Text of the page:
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Best mobile phones for children and teens

What to consider when buying your kid's first phone or a phone for a teen.

parent and child using simple phone
Last updated: 02 July 2024


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Deciding when your child is ready to have their own phone is an inevitable challenge of parenting.

'But literally everyone else in my class has one!' is a familiar phrase to many parents and caregivers across the country, whined at earlier and earlier stages of childhood.

When or whether you choose to give your child a phone is obviously your own decision, and different parents and caregivers have different approaches to the issue and the place of the technology in their children's lives. Handing over an expensive smartphone with unrestricted access to social media, games, the internet and a range of apps is not something most parents are keen to do, after all!

But, when you do think your child might be ready, the next question is, which type of phone or device is most suitable? Whether you're after a basic phone that your child can call and text from, and perhaps take photos, while enabling you to limit web and app access, or a more sophisticated smartphone that helps you keep track of where they are at certain times of day, we've put together some advice from CHOICE tech experts and experienced parents to help you decide. 

We also cover kids smartwatches and some options for parental controls that can be installed on standard smartphones. 

And for CHOICE members, our tech expert Denis Gallagher provides his pick of the most affordable phones for young users.

First phones for younger kids

Gone are the days of reverse-charging your parents from a payphone when you need a lift home from the station or get stuck at school because football training was cancelled. 

The overriding reason parents want to get a phone for their child is to give families a way to contact each other outside the home, such as when a child gains more independence by catching public transport to and from school for the first time. 

A smartphone vs non-smartphone

If you just want a basic handset for calls and texts, there are a range of options available at relatively low price points. Sometimes called 'dumb phones' or 'simple phones', these are often flip phones with limited features that aren't connected to the internet, but will allow your child to call and text.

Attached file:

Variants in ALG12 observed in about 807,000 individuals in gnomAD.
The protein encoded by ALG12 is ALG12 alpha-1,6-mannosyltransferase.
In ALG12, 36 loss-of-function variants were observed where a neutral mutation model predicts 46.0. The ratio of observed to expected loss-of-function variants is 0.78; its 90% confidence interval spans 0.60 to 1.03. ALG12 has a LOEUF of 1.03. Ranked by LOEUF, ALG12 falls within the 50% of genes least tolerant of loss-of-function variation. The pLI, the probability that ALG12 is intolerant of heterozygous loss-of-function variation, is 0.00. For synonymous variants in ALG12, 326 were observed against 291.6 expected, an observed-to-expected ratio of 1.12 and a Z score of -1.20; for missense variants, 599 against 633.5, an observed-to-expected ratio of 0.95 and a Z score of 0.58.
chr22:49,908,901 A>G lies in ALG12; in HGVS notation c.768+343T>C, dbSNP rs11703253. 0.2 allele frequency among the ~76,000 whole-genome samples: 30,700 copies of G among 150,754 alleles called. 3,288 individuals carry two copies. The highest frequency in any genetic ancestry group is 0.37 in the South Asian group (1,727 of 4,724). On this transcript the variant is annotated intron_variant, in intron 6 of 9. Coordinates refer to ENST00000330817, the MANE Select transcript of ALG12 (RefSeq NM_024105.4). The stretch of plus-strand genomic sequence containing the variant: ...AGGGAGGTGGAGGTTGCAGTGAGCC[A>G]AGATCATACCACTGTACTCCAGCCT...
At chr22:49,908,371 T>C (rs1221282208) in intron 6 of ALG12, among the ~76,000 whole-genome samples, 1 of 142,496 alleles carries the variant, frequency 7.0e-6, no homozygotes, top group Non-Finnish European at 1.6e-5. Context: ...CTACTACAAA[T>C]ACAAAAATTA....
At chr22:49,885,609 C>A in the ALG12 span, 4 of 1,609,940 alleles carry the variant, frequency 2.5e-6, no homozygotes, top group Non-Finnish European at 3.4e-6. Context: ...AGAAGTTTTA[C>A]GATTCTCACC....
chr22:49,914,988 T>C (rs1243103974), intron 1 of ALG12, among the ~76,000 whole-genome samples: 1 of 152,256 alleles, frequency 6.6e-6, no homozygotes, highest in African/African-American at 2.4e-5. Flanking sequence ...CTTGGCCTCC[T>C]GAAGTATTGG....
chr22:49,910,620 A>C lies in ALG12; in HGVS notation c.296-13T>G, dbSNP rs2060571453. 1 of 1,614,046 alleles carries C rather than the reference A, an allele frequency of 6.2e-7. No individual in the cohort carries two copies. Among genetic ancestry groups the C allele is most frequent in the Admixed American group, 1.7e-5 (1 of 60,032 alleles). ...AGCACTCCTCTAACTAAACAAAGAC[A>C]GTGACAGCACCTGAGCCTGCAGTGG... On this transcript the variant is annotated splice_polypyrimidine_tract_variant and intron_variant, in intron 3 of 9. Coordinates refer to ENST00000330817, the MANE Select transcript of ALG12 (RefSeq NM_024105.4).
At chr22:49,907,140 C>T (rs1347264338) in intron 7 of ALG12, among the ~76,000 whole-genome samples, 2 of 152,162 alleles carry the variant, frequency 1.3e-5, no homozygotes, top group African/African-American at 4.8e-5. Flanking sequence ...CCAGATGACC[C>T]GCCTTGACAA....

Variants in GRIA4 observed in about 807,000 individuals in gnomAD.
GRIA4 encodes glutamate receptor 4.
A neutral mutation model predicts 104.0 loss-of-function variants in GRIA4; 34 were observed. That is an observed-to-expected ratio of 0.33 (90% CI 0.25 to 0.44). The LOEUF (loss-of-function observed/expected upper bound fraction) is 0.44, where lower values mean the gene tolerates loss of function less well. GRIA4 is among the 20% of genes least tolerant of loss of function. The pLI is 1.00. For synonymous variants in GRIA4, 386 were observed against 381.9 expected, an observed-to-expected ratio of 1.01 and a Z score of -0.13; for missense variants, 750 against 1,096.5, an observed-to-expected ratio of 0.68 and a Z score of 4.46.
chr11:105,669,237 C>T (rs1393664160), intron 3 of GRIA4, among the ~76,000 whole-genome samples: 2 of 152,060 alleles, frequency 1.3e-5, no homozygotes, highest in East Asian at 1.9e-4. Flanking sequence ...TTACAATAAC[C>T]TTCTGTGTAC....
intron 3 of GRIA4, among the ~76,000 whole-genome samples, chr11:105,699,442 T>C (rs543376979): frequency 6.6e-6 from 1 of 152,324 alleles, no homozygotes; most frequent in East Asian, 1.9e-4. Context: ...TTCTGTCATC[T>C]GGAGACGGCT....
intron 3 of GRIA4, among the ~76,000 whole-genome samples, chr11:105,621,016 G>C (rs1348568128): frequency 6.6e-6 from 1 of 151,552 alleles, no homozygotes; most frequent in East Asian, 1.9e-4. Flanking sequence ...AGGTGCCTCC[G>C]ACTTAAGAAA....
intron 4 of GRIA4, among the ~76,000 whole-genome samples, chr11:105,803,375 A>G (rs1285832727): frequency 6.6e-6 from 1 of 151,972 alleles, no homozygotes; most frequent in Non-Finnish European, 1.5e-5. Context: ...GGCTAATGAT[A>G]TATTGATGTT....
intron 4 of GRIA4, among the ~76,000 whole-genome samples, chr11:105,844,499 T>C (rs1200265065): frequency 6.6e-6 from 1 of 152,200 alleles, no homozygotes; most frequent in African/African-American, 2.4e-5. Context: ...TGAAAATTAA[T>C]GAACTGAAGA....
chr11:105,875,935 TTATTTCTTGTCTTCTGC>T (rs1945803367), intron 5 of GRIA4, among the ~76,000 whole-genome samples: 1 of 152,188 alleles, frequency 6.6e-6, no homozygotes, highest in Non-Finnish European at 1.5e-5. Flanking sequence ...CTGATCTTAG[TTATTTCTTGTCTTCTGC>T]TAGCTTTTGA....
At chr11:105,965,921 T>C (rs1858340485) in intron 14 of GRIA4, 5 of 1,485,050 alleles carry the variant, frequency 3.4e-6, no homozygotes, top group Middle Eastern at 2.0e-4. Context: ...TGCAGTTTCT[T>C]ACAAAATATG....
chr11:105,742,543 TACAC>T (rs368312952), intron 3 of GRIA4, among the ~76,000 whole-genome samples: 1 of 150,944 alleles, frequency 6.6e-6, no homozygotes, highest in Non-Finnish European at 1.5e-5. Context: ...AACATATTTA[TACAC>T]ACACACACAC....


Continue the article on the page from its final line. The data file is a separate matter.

But don't assume the old spare phone you have in your drawer will suffice – the recent shutdown of the 3G network means that many older phones no longer work. Make sure any 'simple' phone you buy supports the same 4G network as the mobile carrier you choose.

The recent shutdown of the 3G network means that many older phones no longer work

You could also opt for a smartphone. Although they're significantly more expensive, some parents prefer this option for various reasons – you may have a hand-me-down smartphone already available (thankfully, all but the oldest smartphones are likely to support most 4G network bands), or you may want to enable location tracking devices so you know where your child is (or where the phone is if it happens to get lost – which, let's face it, is not an unlikely scenario). 

The age of your child likely comes into play here, too, and whether or not they have access to other devices, such as tablets.

CHOICE tech expert Denis Gallagher says you could make a compromise between the two.

"If you're looking for a smartphone that you can keep under some sort of control, the Guardian Swissvoice C50s is a nice option for children," he says. 

"The single screen control presents a series of menu buttons for phone calls, texting and email with additional buttons for popular apps such as WhatsApp. The camera isn't great by current smartphone standards but good enough for quick snaps and sharing memories."

"And the levels of notification and monitoring by the caregiver can be anything from no monitoring at all to constant GPS map tracking."We looked at this phone as part of our best phones for seniors review, which covers a range of simple, easy-to-use mobile phones that are more accessible and cheaper than regular smartphones.

If you'd rather repurpose an old smartphone you have at home, there are apps that you can download onto Android smartphones to create a simple menu system and allow a level of control over the phone user's online access.

Choosing a smart watch instead

Denis says that a smart watch could be another option to consider – they're relatively cheap (depending on the brand you choose) and offer similar functionality to non-smartphones, allowing users to call, text and play a few games. A smart watch also has a smaller screen, so may be less 'addictive' than a fully functional smartphone.